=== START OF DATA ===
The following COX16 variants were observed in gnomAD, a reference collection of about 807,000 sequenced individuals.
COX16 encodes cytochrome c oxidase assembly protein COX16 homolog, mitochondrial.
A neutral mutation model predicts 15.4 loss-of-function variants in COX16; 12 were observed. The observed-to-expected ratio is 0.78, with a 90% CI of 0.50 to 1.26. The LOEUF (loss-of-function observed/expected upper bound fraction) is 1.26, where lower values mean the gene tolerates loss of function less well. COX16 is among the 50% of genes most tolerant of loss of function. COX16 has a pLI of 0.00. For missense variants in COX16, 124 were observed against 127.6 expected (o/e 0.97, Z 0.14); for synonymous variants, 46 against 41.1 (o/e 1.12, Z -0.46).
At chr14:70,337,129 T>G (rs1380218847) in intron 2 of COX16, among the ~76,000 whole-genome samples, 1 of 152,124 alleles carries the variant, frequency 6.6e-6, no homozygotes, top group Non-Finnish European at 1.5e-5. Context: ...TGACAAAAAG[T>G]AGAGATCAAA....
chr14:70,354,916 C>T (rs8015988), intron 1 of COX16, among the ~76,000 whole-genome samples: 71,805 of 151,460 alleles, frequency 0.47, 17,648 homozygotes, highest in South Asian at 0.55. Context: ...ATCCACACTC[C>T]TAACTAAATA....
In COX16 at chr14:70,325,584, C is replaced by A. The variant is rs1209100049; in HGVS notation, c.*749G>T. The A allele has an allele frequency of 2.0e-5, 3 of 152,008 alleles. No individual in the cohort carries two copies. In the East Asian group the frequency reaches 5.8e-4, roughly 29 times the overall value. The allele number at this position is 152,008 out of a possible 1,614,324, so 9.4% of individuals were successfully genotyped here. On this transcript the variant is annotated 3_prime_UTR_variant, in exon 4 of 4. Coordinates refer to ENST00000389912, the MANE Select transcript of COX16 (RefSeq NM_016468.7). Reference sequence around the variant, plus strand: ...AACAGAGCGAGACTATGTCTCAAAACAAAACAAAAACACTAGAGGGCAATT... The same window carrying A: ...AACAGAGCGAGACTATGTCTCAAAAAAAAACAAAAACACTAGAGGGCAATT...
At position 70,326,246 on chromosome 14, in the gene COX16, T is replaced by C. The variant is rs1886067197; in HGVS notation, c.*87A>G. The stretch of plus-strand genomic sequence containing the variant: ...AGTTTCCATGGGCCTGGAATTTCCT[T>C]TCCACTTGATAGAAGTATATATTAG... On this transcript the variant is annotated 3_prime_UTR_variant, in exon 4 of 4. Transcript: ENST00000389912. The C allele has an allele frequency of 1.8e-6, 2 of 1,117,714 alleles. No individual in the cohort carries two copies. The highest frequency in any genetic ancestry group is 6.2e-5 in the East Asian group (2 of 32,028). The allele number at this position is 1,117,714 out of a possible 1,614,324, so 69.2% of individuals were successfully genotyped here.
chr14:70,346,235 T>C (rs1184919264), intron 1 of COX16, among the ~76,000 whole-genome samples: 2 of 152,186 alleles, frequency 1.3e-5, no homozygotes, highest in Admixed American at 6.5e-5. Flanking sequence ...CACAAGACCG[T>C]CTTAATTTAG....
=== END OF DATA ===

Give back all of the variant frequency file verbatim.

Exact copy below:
The following COX16 variants were observed in gnomAD, a reference collection of about 807,000 sequenced individuals.
COX16 encodes cytochrome c oxidase assembly protein COX16 homolog, mitochondrial.
A neutral mutation model predicts 15.4 loss-of-function variants in COX16; 12 were observed. The observed-to-expected ratio is 0.78, with a 90% CI of 0.50 to 1.26. The LOEUF (loss-of-function observed/expected upper bound fraction) is 1.26, where lower values mean the gene tolerates loss of function less well. COX16 is among the 50% of genes most tolerant of loss of function. COX16 has a pLI of 0.00. For missense variants in COX16, 124 were observed against 127.6 expected (o/e 0.97, Z 0.14); for synonymous variants, 46 against 41.1 (o/e 1.12, Z -0.46).
At chr14:70,337,129 T>G (rs1380218847) in intron 2 of COX16, among the ~76,000 whole-genome samples, 1 of 152,124 alleles carries the variant, frequency 6.6e-6, no homozygotes, top group Non-Finnish European at 1.5e-5. Context: ...TGACAAAAAG[T>G]AGAGATCAAA....
chr14:70,354,916 C>T (rs8015988), intron 1 of COX16, among the ~76,000 whole-genome samples: 71,805 of 151,460 alleles, frequency 0.47, 17,648 homozygotes, highest in South Asian at 0.55. Context: ...ATCCACACTC[C>T]TAACTAAATA....
In COX16 at chr14:70,325,584, C is replaced by A. The variant is rs1209100049; in HGVS notation, c.*749G>T. The A allele has an allele frequency of 2.0e-5, 3 of 152,008 alleles. No individual in the cohort carries two copies. In the East Asian group the frequency reaches 5.8e-4, roughly 29 times the overall value. The allele number at this position is 152,008 out of a possible 1,614,324, so 9.4% of individuals were successfully genotyped here. On this transcript the variant is annotated 3_prime_UTR_variant, in exon 4 of 4. Coordinates refer to ENST00000389912, the MANE Select transcript of COX16 (RefSeq NM_016468.7). Reference sequence around the variant, plus strand: ...AACAGAGCGAGACTATGTCTCAAAACAAAACAAAAACACTAGAGGGCAATT... The same window carrying A: ...AACAGAGCGAGACTATGTCTCAAAAAAAAACAAAAACACTAGAGGGCAATT...
At position 70,326,246 on chromosome 14, in the gene COX16, T is replaced by C. The variant is rs1886067197; in HGVS notation, c.*87A>G. The stretch of plus-strand genomic sequence containing the variant: ...AGTTTCCATGGGCCTGGAATTTCCT[T>C]TCCACTTGATAGAAGTATATATTAG... On this transcript the variant is annotated 3_prime_UTR_variant, in exon 4 of 4. Transcript: ENST00000389912. The C allele has an allele frequency of 1.8e-6, 2 of 1,117,714 alleles. No individual in the cohort carries two copies. The highest frequency in any genetic ancestry group is 6.2e-5 in the East Asian group (2 of 32,028). The allele number at this position is 1,117,714 out of a possible 1,614,324, so 69.2% of individuals were successfully genotyped here.
chr14:70,346,235 T>C (rs1184919264), intron 1 of COX16, among the ~76,000 whole-genome samples: 2 of 152,186 alleles, frequency 1.3e-5, no homozygotes, highest in Admixed American at 6.5e-5. Flanking sequence ...CACAAGACCG[T>C]CTTAATTTAG....